After independence in 1956, the art movement in Tunisia was propelled by the dynamics of nation building and by artists serving the state. A Ministry of Culture was established, under the leadership of ministers such as Habib Boularès who oversaw art and education and power.[186] Artists gained international recognition such as Hatem El Mekki or Zoubeir Turki and influenced a generation of new young painters. Sadok Gmech draws his inspiration from national wealth while Moncef Ben Amor turns to fantasy. In another development, Youssef Rekik reused the technique of painting on glass and founded Nja Mahdaoui calligraphy with its mystical dimension.[186]

There are currently fifty art galleries housing exhibitions of Tunisian and international artists.[187] These galleries include Gallery Yahia in Tunis and Carthage Essaadi gallery.[187]

A new exposition opened in an old monarchal palace in Bardo dubbed the "awakening of a nation". The exposition boasts documents and artifacts from the Tunisian reformist monarchal rule in mid 19th century.[188]


Tunisian literature exists in two forms: Arabic and French. Arabic literature dates back to the 7th century with the arrival of Arab civilization in the region. It is more important in both volume and value than French literature, introduced during the French protectorate from 1881.[189]

Among the literary figures include Ali Douagi, who has produced more than 150 radio stories, over 500 poems and folk songs and nearly 15 plays,[190] Khraief Bashir, an Arabic novelist who published many notable books in the 1930s and which caused a scandal because the dialogues were written in Tunisian dialect,[190] and others such as Moncef Ghachem, Mohamed Salah Ben Mrad, or Mahmoud Messadi.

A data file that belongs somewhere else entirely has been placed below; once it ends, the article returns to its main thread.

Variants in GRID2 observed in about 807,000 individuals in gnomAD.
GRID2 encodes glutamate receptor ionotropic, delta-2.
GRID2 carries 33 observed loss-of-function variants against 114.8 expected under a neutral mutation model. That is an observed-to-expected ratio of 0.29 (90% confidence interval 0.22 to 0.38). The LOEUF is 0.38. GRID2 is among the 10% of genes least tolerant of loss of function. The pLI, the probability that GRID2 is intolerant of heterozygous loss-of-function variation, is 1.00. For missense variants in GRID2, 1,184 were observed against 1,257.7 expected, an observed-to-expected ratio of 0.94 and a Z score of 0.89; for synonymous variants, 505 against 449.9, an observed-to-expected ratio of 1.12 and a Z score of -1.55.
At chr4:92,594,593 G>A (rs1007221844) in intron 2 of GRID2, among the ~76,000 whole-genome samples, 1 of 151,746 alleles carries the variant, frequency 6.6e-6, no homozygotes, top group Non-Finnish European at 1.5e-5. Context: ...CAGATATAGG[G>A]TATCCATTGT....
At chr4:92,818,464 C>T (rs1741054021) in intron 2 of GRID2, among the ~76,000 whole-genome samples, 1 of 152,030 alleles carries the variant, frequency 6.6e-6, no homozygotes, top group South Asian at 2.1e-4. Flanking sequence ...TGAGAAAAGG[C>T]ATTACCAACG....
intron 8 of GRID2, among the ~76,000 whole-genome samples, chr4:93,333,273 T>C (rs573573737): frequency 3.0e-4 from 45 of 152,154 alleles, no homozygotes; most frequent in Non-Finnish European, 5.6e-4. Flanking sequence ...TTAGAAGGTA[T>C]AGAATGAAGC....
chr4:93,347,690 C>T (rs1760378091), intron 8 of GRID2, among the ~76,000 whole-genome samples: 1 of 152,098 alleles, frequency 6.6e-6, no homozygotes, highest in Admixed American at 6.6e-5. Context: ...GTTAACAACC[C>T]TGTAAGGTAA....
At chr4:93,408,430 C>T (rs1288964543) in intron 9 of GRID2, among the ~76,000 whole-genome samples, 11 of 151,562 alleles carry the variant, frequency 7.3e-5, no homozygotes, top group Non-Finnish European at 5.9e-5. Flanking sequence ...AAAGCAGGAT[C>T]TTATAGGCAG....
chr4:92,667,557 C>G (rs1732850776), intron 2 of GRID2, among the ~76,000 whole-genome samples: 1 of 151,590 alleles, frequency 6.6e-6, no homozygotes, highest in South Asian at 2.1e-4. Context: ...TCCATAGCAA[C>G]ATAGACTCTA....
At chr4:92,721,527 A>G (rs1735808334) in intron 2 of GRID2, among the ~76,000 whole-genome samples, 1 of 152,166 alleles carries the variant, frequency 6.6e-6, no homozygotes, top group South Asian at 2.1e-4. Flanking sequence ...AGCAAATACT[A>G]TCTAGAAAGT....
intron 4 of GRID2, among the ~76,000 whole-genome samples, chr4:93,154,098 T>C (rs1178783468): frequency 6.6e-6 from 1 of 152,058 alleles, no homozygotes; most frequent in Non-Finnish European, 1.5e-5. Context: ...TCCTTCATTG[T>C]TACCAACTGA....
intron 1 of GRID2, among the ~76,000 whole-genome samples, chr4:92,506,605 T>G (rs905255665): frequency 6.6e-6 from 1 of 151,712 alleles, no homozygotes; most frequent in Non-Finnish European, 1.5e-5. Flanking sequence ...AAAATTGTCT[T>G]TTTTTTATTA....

As for poetry, Tunisian poetry typically opts for nonconformity and innovation with poets such as Aboul-Qacem Echebbi.

As for literature in French, it is characterized by its critical approach. Contrary to the pessimism of Albert Memmi, who predicted that Tunisian literature was sentenced to die young,[191] a high number of Tunisian writers are abroad including Abdelwahab Meddeb, Bakri Tahar, Mustapha Tlili, Hele Beji, or Mellah Fawzi. The themes of wandering, exile and heartbreak are the focus of their creative writing.

The national bibliography lists 1249 non-school books published in 2002 in Tunisia, with 885 titles in Arabic.[192] In 2006 this figure had increased to 1,500 and 1,700 in 2007.[193] Nearly a third of the books are published for children.[194]

In 2014 Tunisian American creative nonfiction scribe and translator Med-Ali Mekki who wrote many books, not for publication but just for his own private reading translated the new Constitution of the Tunisian Republic from Arabic to English for the first time in Tunisian bibliographical history, the book was published worldwide the following year and it was the Internet's most viewed and downloaded Tunisian book.


Zied Gharsa et la Rachidia
Rachidia orchestra playing traditional music in Tunis Theater
Ya laimi àazzine by Saliha (1914–1958)